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Let $T_n=\{x_i\ge0:x_1+\cdots+x_n\le1\}$. I know $T_n$ is tetrahedron.

My question: How can I compute the volume of $T_n$ for every $n$?

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  • $\begingroup$ Using this change of variables also leads to a direct answer in terms of an integral. $\endgroup$ Commented Apr 8, 2019 at 15:17

4 Answers 4

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What is the probability that a random sequence of $n$ numbers in $[0,1]$ is sorted (lowest to highest)? that is, let $y_1,y_2,\dots,y_n$ be independent uniform random variables in $[0,1]$. Then the probability $P(y_1\leq y_2\leq \dots \leq y_n)=\frac{1}{n!}$.

Let $A=(a_{ij})$ be the matrix such that $a_{ij}=1$ if $i\geq j$ and $a_{ij}=0$ if $i<j$. Then $\det A = 1$ since $A$ is lower-triangular and $a_{ii}=1$ for all $i$. On the other hand, if you take the two sets:

$$S=\{(x_1,\dots,x_n)^T: 0\leq x_i\leq 1: \sum x_i \leq 1\}$$

and $$T=\{(x_1,\dots,x_n)^T: 0\leq x_1\leq x_2\dots \leq x_n\leq 1\}$$

Then $T$ is the image of $S$ under the transformation $A$, that is, $AS=T$. So $$\frac{1}{n!}=\mathrm{vol}(T) = \det A\cdot\mathrm{vol}(S) = \mathrm{vol}(S)$$

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  • $\begingroup$ It's 1/n!, but I'm having trouble seeing how that relates to volume $\endgroup$ Commented Feb 26, 2013 at 22:01
  • $\begingroup$ it is actually the same one, but with different form, and I doubt if it is easier to see this. $\endgroup$
    – Yimin
    Commented Feb 26, 2013 at 22:01
  • $\begingroup$ @MathPhys137, just think of Monte Carlo method $\endgroup$
    – Yimin
    Commented Feb 26, 2013 at 22:01
  • $\begingroup$ Oh I see. Thanks Thomas! $\endgroup$ Commented Feb 26, 2013 at 22:03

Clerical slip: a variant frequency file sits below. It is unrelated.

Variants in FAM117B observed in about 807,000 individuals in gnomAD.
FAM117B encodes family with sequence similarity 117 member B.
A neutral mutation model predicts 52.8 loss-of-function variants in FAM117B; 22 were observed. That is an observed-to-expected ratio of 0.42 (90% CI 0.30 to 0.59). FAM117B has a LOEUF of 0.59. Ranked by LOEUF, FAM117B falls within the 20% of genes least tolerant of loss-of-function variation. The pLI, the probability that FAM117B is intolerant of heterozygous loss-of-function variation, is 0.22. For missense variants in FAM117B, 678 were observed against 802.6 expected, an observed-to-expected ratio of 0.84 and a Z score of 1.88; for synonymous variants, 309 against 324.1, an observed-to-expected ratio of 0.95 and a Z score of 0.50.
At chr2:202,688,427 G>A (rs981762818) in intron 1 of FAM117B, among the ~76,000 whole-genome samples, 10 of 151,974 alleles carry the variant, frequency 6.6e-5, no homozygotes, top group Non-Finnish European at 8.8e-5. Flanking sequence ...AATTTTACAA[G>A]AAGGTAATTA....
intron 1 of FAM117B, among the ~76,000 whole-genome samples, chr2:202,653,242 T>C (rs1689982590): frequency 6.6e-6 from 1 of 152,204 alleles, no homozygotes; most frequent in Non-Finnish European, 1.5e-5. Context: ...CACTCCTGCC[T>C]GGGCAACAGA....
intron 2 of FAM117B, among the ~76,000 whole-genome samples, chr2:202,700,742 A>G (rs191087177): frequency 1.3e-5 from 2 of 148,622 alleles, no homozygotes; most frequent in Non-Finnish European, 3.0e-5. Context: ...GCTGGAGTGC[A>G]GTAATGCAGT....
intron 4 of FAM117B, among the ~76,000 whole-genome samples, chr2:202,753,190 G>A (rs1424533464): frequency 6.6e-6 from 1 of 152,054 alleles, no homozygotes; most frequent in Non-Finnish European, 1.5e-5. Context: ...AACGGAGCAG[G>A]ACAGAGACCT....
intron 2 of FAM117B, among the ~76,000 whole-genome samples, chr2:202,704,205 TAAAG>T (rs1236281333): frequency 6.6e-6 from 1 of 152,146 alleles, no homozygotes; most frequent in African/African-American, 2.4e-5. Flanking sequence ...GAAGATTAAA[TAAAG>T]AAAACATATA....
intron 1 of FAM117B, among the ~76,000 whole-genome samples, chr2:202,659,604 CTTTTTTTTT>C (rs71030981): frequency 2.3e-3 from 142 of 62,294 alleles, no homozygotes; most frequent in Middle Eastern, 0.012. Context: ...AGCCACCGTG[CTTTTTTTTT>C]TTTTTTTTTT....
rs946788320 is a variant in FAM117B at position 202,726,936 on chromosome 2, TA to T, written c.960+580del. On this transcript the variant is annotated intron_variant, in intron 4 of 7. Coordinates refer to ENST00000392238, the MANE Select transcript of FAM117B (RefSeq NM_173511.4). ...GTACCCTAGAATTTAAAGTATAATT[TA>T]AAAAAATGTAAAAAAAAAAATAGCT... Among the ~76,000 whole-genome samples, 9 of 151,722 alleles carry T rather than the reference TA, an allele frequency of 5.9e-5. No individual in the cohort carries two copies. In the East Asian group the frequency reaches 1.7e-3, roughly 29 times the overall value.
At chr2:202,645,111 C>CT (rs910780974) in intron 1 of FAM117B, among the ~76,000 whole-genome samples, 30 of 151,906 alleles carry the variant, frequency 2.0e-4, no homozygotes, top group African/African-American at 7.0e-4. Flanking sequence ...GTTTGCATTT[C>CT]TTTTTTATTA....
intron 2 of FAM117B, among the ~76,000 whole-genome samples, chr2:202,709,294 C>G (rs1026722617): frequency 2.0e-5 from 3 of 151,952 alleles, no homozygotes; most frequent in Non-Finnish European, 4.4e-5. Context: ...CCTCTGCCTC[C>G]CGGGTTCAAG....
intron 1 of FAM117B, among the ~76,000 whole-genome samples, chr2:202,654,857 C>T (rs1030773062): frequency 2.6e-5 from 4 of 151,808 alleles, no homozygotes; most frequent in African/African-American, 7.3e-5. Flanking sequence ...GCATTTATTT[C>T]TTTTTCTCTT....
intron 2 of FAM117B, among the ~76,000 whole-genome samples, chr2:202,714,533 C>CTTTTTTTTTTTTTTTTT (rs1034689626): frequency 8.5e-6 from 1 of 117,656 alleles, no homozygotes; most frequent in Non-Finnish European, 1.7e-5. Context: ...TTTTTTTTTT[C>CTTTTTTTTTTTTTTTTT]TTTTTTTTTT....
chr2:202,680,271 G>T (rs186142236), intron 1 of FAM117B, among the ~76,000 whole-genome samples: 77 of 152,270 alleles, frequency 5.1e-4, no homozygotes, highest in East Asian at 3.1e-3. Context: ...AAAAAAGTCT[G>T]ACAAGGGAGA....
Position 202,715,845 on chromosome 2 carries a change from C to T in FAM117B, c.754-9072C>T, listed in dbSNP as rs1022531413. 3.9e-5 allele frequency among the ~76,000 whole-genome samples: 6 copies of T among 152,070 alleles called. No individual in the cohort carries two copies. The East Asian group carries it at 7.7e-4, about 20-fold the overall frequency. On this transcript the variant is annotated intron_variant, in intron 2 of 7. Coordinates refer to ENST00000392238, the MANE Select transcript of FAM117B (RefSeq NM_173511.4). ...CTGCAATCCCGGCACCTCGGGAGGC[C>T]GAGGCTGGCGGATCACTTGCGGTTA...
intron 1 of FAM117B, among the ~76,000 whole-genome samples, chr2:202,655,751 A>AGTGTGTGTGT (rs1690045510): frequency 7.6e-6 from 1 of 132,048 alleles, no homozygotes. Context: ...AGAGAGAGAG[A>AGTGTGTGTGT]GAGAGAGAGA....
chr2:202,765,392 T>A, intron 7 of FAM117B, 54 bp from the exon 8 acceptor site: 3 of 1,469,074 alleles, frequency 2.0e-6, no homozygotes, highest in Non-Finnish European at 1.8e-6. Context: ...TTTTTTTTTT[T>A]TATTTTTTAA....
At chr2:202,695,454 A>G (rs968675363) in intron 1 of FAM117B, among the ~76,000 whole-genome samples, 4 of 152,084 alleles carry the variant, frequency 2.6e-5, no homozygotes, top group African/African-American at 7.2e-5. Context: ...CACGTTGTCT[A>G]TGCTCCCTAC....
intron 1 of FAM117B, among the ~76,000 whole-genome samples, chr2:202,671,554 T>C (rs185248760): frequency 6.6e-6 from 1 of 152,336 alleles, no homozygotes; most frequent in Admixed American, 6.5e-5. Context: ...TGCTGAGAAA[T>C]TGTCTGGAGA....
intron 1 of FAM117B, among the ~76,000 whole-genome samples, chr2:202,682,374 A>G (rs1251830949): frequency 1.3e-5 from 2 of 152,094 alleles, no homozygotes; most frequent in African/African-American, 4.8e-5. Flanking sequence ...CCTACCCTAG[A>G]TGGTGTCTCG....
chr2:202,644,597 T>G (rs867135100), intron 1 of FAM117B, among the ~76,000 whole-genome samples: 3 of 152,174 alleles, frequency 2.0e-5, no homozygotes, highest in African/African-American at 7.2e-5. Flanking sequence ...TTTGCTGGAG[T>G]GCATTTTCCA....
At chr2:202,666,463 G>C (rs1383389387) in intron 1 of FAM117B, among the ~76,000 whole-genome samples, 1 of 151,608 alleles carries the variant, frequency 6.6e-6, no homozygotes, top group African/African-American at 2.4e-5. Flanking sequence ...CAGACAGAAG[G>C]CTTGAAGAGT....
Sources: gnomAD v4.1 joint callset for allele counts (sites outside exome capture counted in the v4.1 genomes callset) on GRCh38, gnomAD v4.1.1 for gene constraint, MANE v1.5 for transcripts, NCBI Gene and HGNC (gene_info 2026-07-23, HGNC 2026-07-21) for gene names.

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    $\begingroup$ Note, the set I describe and the simplex set are not isometric/congruent, you nead some skew transformation which preserves volume. Basically, you need to know that the transformation $(x_1,\dots,x_n)\to (x_1,x_1+x_2,\cdots,\sum_{i=1}^n x_n)$ is a volume-preserving map. $\endgroup$ Commented Feb 26, 2013 at 22:14
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First suppose that we want to find the volume of $T_n(a)$, then by change of variables $X=aU$, you can see that we have $V(T_n(a))=\color{red}{a^n}V(T_n(1))$.

Since $x_1+\cdots+x_n\le1$ if and only if $x_n\le1$ and $x_1+\cdots+x_{n-1}\le 1-x_n$, we have $$\begin{align}V(T_n(1))&=\int_{x_n\le 1}\left(\int_{x_1+\cdots+x_{n-1}\le1-x_n}dx_1\cdots dx_{n-1}\right)dx_n\\ &=V(T_{n-1}(1))\int_{x_n\le1}\color{red}{(1-x_n)^{n-1}}dx_n=\frac1 nV(T_{n-1}(1))\end{align}$$ The numbers $V(T_n(1))$ satisfy in the above recursion formula, so $$V(T_n(1))=\frac1{n!}.$$

One another way is to consider the following integral

$$I=\int_{T_n(a)}e^{-(x_1+\cdots+x_n)}dx_1\cdots dx_n$$ Since $V(T_n(a))=a^nV(T_n(1))$, $$I=\int_0^\infty e^{-a}dV(T_n(a))=V(T_n(1))\int_0^\infty n a^{n-1}e^{-a}da=n!V(T_n(1))$$ But also we have $$I=\left(\int_0^\infty e^{-x}dx\right)^n=1$$ Hence, $$V(T_n(1))=\frac1{n!}.$$